My co-artist photographer Mick Lord and I were very proud of this exhibition. The juxtaposition between Mick’s photographs and my sculptural interpretation of them, and my travels in Andalusia was magical.
The press coverage:
Through sepia photographs and rich textured sculptures Ellen Appleby (ceramicist) and Mick Lord (photographer) bring into focus the lime washed walls, weathered stones, archways and religious contradictions of southern Spain, Portugal and into the Anatolian peninsula. These artists are interested in the juxtaposition of remnants of Romans, Moors, Moslems, Jews and Christians seen in this area and the imposition of Catholicism, as well as the architecture of modern day Turkey where Mary spent her final years. Their exhibition is called “Land of the Most Holy Mary” which the common name for Andalucía in Southern Spain. It is on at the Pomona Railway Gallery, running from March 19th until April 19th with an opening on March 19th at 2.00pm.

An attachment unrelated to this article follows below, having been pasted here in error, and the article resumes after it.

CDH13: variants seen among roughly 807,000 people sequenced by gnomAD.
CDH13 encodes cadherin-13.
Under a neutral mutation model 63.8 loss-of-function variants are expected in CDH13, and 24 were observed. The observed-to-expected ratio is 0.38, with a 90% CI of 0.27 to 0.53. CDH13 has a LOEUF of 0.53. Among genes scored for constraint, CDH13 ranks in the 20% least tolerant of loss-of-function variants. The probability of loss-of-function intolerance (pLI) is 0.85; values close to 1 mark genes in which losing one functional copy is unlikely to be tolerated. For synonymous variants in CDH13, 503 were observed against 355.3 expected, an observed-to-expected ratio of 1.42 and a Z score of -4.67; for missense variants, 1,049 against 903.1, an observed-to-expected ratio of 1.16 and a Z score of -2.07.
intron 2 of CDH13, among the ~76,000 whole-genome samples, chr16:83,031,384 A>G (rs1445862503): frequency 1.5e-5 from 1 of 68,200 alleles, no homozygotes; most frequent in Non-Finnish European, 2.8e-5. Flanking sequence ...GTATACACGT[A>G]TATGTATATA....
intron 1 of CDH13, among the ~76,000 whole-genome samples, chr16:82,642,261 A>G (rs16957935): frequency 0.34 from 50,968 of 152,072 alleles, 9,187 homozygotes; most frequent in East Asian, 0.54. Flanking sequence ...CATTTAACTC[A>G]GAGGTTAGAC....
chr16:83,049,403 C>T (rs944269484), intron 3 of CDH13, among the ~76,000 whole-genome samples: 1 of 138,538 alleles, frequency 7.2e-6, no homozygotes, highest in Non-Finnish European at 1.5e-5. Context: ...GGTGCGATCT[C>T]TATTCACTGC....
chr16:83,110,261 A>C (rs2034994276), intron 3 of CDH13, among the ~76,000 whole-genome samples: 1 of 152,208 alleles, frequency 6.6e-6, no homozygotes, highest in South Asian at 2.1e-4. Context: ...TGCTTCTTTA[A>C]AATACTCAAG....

In this exhibition, Mick’s photos have a documentary aspect about them. They reflect his interest in the built environment and architecture. Each photo is a statement of fact – it is about the “thing”, the building, its shape and textures. The built form is the product of cultures and religions, past and present.
Ellen’s clay sculptures pay attention to the crumbling walls and stairs seen through decorated doorways. She builds porcelain towers with ornate faded decoration and highlights the contradictions as nuns scuttle past Islamic doorways and windows. There are references the Catholic iconography sitting within Islamic archways in La Mezquita in Cordoba, and other unexpected alliances.